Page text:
As the nation acknowledges President George H.W. Bush’s extraordinary legacy of service from the battlefields of the Pacific to the Oval Office by way of a lifetime of service in various elected and appointed posts, we might pause to also reflect on his consequential role in education. In fact, while the ceremonies and funeral arrangements were unfolding in Washington, education types were streaming into the city for Jeb Bush’s Excel in Ed conference — more familiarly known as JebFest — a timely reminder that despite the pushback, acrimony and evolution of education policy, we’re fundamentally still operating in an education world his father was instrumental in creating.
It seems like ancient history now, especially in today’s frenetic news cycles where weeks feel like months, but it was not that long ago, in 1989, when Bush and then-Arkansas Gov. Bill Clinton called the nation’s governors together to discuss education…
December 7, 2018
December 6, 2018
We’re hiring at Bellwether.
Bellwether’s Lynne Graziano on the kind of things that can change a career or life trajectory.
Ashley LiBetti with a new paper on early education teacher prep, what the research shows, and what it could show.
Here’s a volume on rural ed in part by Bellwether alum Andy Smarick and featuring Bellwether Senior Associate Partner Julie Squire.
Janus is causing a lot of focus on large unions but it’s the smaller states that may see the impact earliest.
Finn on Levy and Bush:
At a time of anger, division, self-absorption and small-mindedness in so many places, it’s both refreshing and inspiring to remind ourselves that it doesn’t have to be that way and to recall two great Americans who embodied that abiding truth.
“While I cannot comment on the specifics of pending litigation, I am supportive of efforts to secure more legal protections for student access to a quality education. Education rights are civil rights,” Rhode Island Commissioner Ken Wagner said in a statement.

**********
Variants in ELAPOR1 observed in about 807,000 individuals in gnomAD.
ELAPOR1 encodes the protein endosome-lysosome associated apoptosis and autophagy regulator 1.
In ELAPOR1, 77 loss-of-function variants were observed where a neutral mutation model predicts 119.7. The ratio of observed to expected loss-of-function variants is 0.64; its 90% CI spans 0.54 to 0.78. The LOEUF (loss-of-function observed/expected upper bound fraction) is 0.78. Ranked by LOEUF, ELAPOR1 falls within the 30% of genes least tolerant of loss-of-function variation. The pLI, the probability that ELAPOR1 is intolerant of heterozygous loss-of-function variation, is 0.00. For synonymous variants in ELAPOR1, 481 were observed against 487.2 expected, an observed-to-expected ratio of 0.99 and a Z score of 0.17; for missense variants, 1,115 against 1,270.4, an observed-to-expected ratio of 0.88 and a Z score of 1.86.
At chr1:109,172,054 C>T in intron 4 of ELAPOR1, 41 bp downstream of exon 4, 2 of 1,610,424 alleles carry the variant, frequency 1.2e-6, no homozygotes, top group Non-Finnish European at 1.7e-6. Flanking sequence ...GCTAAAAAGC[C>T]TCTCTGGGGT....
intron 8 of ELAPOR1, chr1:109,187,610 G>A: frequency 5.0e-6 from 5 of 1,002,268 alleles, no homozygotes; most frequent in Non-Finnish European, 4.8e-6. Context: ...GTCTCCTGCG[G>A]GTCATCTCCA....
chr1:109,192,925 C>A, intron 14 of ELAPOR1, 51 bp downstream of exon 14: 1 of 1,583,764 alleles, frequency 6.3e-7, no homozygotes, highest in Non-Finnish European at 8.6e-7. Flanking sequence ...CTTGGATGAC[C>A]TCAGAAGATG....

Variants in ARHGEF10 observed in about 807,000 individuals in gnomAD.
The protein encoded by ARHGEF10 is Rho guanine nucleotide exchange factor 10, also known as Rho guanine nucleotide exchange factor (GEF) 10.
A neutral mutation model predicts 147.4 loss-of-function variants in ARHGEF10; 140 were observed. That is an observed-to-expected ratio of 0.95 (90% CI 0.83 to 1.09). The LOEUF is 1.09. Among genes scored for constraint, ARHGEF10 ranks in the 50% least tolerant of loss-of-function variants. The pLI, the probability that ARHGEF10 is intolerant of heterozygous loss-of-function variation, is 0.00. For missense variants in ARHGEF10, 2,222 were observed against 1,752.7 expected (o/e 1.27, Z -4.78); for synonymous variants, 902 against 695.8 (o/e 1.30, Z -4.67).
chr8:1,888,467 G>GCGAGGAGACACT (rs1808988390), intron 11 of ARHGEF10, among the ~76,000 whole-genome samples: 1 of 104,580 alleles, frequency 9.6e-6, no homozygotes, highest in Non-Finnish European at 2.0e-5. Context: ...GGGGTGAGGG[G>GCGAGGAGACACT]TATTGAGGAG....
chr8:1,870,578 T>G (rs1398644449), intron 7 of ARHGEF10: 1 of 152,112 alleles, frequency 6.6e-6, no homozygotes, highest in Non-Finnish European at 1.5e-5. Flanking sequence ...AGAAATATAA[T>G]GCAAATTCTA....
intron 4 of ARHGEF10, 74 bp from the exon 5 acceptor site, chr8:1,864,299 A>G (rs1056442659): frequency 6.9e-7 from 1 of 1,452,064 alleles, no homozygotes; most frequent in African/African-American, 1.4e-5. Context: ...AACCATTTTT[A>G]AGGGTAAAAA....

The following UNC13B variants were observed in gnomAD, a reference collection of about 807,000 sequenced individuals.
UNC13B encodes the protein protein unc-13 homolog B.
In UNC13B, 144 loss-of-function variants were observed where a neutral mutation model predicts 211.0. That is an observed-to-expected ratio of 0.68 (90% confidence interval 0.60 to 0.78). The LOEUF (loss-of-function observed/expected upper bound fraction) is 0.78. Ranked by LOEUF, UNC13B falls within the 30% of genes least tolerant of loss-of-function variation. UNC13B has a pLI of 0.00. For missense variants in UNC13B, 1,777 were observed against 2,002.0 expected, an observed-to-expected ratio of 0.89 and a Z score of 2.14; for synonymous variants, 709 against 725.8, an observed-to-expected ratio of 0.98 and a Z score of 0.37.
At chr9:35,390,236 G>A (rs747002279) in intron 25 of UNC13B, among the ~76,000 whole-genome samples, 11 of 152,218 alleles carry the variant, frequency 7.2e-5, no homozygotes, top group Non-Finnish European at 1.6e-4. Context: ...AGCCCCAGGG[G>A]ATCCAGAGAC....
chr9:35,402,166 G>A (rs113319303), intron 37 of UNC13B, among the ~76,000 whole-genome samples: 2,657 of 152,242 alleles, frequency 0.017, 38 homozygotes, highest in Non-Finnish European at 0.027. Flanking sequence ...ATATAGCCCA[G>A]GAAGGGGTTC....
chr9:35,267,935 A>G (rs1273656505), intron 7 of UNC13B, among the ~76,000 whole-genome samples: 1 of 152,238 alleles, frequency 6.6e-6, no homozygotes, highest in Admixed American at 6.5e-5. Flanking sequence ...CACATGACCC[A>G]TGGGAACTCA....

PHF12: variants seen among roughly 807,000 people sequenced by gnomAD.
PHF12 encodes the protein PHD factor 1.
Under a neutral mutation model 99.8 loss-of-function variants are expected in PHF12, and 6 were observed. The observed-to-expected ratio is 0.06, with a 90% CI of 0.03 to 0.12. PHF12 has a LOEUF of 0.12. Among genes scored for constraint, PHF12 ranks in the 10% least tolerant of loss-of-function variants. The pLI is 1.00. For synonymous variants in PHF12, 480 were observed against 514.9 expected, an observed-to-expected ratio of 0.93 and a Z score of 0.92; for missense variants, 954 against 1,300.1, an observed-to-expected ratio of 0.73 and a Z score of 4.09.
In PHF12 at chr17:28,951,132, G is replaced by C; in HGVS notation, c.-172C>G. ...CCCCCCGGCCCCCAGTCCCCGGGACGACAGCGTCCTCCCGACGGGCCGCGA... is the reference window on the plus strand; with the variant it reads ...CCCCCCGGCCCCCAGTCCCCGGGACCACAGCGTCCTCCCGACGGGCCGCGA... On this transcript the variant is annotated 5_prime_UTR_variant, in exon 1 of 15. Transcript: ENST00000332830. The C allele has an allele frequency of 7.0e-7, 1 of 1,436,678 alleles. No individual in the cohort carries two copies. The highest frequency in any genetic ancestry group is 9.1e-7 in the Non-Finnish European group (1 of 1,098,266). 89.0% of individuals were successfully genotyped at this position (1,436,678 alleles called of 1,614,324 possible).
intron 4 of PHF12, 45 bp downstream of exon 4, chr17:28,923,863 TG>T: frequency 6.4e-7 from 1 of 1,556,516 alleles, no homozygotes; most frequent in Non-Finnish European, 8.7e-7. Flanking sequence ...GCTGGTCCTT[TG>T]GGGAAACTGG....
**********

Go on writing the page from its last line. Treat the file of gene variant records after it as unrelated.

New survey data on where the public is (and teachers are) on education.
Matt Frankel and Shavar Jeffries talk education at Bloomfield College.
Some data visualization of school and neighborhood segregation.
Late election returns:
Whiteboard’s David DeSchryver, Anna Edwards, and Alison Griffin on the impact of the election on edu. DFER’s Charlie Barone on what the returns do, and don’t, mean for education.
December 3, 2018
Two from Bellwether:
November 30, 2018
This Marc Tucker exit interview from his Ed Week blog is well worth your time.
A few Bellwarians, including some JHU alums, weigh in on the Bloomberg gift to Johns Hopkins.
Harold Levy has passed. Thoughtful presence on the education scene who will be missed.
We keep arguing that the problem is the tests, things are pretty good otherwise. And then the tests keep showing the same thing. Weird. Anyway, Ken Wagner takes no prisoners.
Hakeem Jeffries, who likes charter schools, is the new Democratic Caucus Chair in the U.S. House.
Charters on average get less money.
Two thoughts on this Lauren Morando Rhim – Checker Finn debate about specialized charter schools for students with IEPs. First, charters overall need to do a better job with special education students but some context matters. In particular, the idea that traditional public schools serve every student everywhere is nonsense. Public schools appropriately concentrate services to improve quality for students, use private placements in some cases, and otherwise ensure that students are served at system level rather than a school level. Lessons for the charter sector are obvious – authorizers must be thinking about this at a systems level, too. Second, Checker makes an important point on choice and it’s interesting how some parents are attracted to charters precisely because of how they choose to handle special education. This is a really complicated policy area.
Fun with percents – Matt Barnum unpacks some recent rhetoric about teacher diversity.
Bonds for teacher housing get a nod in annual Bond Buyer awards.
November 26, 2018
Thinking of growing your school network? This might be for you: